Chinese University students returning for the start of the new academic year on Monday were greeted with banners and posters advocating Hong Kong independence and support for the city’s jailed activists.
Signs with slogans such as “Refuse to drown; independence is the only way” and “Hong Kong independence” were spotted in locations such the Lee Shau Kee Building bridge, the University Library Beacon, Yasumoto International Academic Park, and Cultural Square.
Chinese University Student Union President Au Tsz-ho said that the organisation had draped a banner listing the names of 188 “political prisoners” on the campus’s Goddess of Democracy statue, but that it did not know who was responsible for the other signage. The 188 include the 16 jailed democracy and land rights’ activists whose community service orders were overturned in August.
“I have heard rumours that the posters were put up by students,” said Au. “I am happy that the students took action on a cause they believed in, and hope that other new students will also do their part to fight for what is right.”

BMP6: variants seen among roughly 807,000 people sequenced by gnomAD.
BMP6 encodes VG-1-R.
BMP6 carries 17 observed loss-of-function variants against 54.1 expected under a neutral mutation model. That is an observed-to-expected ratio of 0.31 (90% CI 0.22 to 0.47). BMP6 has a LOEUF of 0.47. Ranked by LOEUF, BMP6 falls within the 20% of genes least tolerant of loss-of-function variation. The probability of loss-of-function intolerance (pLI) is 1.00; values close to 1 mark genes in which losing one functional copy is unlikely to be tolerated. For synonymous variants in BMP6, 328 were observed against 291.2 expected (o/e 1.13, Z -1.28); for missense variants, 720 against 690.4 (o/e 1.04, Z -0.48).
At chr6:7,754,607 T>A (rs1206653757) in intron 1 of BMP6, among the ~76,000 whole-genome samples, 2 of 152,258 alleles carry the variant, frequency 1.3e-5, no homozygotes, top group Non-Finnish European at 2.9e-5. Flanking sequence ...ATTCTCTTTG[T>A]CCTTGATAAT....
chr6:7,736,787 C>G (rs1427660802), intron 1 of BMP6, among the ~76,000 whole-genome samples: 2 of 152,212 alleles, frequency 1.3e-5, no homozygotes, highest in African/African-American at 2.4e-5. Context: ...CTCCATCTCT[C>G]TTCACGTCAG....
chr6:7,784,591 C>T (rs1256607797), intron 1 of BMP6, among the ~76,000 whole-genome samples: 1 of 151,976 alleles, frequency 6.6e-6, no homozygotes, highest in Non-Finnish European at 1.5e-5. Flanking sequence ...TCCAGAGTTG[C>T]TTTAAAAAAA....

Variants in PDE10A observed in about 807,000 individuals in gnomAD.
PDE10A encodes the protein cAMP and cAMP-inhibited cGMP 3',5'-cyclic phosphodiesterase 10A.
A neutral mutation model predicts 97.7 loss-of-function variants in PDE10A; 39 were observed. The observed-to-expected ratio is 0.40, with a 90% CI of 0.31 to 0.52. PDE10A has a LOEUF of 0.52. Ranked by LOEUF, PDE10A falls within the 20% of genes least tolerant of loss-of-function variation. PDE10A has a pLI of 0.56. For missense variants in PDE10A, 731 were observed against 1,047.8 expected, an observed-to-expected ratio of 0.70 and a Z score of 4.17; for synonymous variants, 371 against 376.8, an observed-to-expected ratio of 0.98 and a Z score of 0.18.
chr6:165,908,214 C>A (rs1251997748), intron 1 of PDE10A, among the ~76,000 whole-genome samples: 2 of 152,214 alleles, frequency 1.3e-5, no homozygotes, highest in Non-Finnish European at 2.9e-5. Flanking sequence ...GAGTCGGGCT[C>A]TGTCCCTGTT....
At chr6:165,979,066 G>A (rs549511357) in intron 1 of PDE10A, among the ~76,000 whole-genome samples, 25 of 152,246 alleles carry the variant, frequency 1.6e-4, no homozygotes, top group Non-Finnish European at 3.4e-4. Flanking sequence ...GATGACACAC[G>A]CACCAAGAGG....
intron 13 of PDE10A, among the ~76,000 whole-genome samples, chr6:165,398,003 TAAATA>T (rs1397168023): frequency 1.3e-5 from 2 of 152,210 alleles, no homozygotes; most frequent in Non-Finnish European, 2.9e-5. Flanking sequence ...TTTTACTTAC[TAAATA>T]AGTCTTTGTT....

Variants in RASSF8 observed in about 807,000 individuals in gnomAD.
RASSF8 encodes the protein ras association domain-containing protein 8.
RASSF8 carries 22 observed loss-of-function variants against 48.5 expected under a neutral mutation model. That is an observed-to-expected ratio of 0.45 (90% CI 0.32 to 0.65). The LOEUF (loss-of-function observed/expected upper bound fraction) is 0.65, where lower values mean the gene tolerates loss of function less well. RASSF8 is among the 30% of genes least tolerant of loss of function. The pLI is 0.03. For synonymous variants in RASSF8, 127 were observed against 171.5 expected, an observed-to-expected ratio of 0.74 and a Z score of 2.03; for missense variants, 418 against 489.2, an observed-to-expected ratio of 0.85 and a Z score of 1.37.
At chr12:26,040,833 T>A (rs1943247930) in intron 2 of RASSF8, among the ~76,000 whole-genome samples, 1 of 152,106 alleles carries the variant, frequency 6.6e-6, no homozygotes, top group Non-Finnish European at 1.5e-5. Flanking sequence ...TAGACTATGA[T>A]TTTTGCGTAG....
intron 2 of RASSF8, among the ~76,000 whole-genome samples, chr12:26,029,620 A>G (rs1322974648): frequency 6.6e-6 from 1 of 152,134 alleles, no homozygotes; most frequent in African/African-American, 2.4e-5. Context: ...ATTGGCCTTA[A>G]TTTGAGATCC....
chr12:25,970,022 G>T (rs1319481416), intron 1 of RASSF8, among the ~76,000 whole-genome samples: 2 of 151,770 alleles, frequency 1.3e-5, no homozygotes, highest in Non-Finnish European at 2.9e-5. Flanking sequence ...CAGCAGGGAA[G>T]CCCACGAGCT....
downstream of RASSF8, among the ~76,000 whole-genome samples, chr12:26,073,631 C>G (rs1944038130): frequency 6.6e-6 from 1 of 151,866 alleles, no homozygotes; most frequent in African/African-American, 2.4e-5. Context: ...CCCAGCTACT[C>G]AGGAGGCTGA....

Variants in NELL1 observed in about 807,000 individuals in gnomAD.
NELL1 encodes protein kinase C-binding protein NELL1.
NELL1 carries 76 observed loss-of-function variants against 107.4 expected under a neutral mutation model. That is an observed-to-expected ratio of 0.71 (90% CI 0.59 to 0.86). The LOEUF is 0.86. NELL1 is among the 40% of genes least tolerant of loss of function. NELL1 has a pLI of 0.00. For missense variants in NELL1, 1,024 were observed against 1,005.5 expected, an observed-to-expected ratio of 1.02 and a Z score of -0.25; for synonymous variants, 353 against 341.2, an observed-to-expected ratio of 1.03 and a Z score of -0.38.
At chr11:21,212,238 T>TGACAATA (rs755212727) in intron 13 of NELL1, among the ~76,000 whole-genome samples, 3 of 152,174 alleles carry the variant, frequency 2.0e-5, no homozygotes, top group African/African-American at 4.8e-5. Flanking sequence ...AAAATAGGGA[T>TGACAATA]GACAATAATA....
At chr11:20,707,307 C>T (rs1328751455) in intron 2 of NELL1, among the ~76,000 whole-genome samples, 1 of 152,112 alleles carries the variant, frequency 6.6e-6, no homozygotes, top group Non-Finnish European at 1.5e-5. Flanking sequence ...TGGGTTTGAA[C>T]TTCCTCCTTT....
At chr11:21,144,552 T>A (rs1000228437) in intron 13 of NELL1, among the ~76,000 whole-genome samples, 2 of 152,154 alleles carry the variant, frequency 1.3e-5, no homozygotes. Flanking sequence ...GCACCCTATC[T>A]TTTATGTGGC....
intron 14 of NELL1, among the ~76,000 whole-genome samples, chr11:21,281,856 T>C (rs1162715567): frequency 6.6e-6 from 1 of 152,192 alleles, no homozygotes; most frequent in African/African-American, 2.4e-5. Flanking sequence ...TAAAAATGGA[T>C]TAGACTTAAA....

CUHK Vice-Chancellor Joseph Sung said that he was aware that students had displayed banners with messages expressing their views in various areas of campus. He said that CUHK was a place of free expression, and that as long as students did not break the law or disturb other people’s learning environment, the university would not react too strongly.
When asked about the recent imprisonment of democracy and land rights’ activists, Sung said that he had nothing to add to discussions that were already happening in society. He said that he hoped that the public would have confidence in the judiciary, and that while young people are right to care about justice, they should use peaceful and reasonable methods to express their views.
By lunchtime Monday, RTHK reported that the banners had been taken down.
The Chinese University Student Union issued a statement criticising the removal, saying that school authorities were shutting down campus discussions about Hong Kong independence. The union urged CUHK to preserve freedom of expression and academic freedom, and not to be a “puppet” of the Hong Kong and mainland Chinese governments.